Police on Sunday said that one-third of the fires raging across the country are suspected to have been set deliberately.
In a statement, the police said that they suspect between 30-40 of the 90 fires they have investigated thus far were started by arsonists.
Police also said that although much of the evidence was destroyed by the fires, they are using forensic samples to determine whether the fires were ignited intentionally.
However, police have not yet found any evidence that the arson was coordinated nationally or planned in advance. Their assessment is that the arson was local and opportunistic, the statement said.
“Many of the incidents were caused by normal reasons, like weather or an electrical short circuit. But a serious number were caused by arson,” a spokesperson said. Many fires starting over a small area is an indicator of possible arson, he added.
“We are setting up a nationwide team to centralize the local details and are trying to find a connection,” the spokesperson said. “We are trying to understand who is behind the arson, and we are trying to reach them.”
Police said that they have questioned some 50 people in connection with the fires and arrested 24. Eighteen of those arrested are Israeli Arabs, Channel 2 reported. Two of those, from the Israeli Arab towns of Umm al-Fahm and Deir Hanna in northern Israel, admitted to arson. Five people were arrested on suspicion of inciting on social media and 45 were questioned on suspicion of starting fires.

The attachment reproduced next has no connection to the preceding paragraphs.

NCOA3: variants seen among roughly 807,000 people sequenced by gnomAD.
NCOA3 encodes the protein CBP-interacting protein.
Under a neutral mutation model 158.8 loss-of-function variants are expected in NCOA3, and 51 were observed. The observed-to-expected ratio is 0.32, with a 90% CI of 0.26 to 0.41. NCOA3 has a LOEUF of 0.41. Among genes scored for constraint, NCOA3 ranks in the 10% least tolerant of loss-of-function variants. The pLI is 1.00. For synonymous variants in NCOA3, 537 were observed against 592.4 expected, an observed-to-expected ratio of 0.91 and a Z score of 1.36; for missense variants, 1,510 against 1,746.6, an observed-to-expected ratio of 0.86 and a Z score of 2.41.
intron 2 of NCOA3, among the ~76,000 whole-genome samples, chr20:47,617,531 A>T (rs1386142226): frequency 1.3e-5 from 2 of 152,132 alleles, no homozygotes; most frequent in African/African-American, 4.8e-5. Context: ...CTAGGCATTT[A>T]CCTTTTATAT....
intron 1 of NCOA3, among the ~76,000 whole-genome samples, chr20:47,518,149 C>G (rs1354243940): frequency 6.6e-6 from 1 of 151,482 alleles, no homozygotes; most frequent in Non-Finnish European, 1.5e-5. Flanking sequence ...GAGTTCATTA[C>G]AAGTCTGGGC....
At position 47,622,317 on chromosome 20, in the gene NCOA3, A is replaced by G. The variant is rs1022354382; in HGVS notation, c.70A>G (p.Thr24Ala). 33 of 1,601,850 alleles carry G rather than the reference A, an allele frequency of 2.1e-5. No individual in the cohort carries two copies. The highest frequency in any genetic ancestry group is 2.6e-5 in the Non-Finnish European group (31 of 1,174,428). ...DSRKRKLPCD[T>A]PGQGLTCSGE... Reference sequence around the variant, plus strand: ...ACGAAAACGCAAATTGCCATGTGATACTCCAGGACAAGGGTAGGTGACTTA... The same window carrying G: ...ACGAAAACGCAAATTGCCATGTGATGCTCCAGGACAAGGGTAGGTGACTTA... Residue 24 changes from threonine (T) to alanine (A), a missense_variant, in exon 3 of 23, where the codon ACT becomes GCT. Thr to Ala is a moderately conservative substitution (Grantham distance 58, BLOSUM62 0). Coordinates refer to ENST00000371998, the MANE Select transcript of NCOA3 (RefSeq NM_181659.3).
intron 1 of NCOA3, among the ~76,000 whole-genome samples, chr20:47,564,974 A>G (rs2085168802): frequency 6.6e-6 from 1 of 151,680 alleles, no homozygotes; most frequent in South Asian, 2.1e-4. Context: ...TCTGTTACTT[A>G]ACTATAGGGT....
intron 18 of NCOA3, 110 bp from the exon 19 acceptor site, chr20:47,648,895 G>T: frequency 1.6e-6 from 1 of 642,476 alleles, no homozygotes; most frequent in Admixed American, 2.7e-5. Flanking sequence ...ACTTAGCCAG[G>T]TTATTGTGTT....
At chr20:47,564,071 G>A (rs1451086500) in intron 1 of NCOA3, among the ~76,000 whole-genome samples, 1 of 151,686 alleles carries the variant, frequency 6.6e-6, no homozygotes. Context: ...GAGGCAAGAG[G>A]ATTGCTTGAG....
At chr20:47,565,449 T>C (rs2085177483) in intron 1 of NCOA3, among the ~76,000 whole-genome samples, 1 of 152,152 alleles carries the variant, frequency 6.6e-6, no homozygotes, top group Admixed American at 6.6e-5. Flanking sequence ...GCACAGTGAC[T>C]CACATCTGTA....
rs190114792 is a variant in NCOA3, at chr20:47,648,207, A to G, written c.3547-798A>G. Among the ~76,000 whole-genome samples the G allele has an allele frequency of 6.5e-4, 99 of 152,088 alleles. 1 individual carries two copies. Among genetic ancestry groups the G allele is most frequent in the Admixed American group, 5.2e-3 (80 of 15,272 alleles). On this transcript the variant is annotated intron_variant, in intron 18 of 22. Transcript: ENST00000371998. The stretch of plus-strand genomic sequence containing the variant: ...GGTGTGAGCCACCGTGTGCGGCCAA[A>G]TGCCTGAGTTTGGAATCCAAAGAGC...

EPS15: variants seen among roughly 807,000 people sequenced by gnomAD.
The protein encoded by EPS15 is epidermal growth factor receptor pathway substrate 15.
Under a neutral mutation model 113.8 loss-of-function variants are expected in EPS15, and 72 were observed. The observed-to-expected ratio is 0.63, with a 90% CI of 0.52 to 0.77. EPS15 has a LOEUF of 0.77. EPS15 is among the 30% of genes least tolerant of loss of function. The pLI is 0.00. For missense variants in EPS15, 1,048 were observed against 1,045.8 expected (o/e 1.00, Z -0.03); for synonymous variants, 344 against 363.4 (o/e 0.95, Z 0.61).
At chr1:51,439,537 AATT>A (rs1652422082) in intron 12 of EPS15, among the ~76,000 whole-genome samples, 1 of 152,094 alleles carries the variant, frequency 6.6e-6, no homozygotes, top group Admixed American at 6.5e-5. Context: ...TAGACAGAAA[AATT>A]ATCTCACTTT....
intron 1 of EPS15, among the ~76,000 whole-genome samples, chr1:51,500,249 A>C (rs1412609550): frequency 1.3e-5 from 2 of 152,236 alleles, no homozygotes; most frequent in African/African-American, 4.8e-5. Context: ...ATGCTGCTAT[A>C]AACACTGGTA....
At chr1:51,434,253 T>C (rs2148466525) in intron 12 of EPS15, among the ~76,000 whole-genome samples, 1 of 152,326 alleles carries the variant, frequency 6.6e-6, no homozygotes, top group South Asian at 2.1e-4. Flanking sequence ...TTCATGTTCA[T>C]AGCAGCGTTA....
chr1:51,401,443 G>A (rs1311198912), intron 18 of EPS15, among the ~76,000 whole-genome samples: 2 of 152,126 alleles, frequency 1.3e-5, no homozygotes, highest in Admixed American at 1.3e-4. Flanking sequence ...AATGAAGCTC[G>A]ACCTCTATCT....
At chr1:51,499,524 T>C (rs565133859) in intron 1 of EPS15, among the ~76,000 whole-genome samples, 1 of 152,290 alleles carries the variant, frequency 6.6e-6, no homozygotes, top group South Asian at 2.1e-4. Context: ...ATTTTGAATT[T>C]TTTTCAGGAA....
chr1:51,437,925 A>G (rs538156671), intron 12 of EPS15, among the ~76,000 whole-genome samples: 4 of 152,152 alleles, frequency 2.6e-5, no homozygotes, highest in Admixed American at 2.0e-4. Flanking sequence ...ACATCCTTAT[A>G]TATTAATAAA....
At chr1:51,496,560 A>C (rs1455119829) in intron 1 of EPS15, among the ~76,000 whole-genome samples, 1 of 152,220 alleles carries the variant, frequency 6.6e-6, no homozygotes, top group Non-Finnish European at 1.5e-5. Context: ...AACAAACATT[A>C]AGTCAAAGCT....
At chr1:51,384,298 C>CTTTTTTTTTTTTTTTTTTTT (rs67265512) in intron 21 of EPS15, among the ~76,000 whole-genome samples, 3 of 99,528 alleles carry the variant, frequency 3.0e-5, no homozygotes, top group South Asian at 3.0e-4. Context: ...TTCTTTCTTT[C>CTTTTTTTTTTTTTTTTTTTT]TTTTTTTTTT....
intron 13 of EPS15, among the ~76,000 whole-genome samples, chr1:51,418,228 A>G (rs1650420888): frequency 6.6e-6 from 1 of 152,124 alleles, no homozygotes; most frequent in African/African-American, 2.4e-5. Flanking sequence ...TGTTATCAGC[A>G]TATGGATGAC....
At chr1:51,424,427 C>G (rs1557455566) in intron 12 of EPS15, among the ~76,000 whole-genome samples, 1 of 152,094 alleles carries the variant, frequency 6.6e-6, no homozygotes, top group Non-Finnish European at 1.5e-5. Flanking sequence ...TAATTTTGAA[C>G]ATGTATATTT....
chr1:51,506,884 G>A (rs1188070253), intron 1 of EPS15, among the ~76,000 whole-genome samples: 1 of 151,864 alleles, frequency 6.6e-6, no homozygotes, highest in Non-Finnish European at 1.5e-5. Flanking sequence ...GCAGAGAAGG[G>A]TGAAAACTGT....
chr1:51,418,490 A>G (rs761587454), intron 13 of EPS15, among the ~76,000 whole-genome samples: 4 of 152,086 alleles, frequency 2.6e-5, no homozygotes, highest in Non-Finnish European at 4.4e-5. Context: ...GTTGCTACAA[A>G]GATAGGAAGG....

Since Tuesday, firefighters have been battling wildfires throughout the country that on Thursday hit the city of Haifa, forcing some 60,000 residents to evacuate their homes. The residents have since been cleared to return home, though over 1,000 houses have been damaged.
Attending to the rash of an estimated 110 fires across the country, firefighting planes from Israel and countries including Russia, Turkey, Greece, France, Spain and Canada have dumped tons of water and retardants.
Police chief Roni Alsheich said Sunday that there had been similar arson attacks in the past and that they should be considered acts of terror, Army Radio reported.
“If setting the fire was deliberate, it is definitely terror,” Alsheich said during a visit to the West Bank settlement of Halamish, where a fire destroyed 18 homes on Friday night. “By the way, that is nothing new, there have been arson incidents in the past. The concentration of a relatively large number of days, and the number of incidents and the weather conditions, brought about these results but there is nothing new and there were incidents like this in the past.”
Alsheich said the security services are equipped to deal with terror and hinted that Israel was prepared to employ more stringent measures if necessary.
“We have good tools for dealing with terror — we haven’t yet taken advantage of them; we will review things and if we think that the measures are lacking we will demand them… There are sufficient measures in the Israeli book of laws.”
Prime Minister Benjamin Netanyahu said Friday there was “no doubt” some of the fires were started deliberately. “There is a price to pay for the crimes committed, there is a price to pay for arson terrorism,” he said.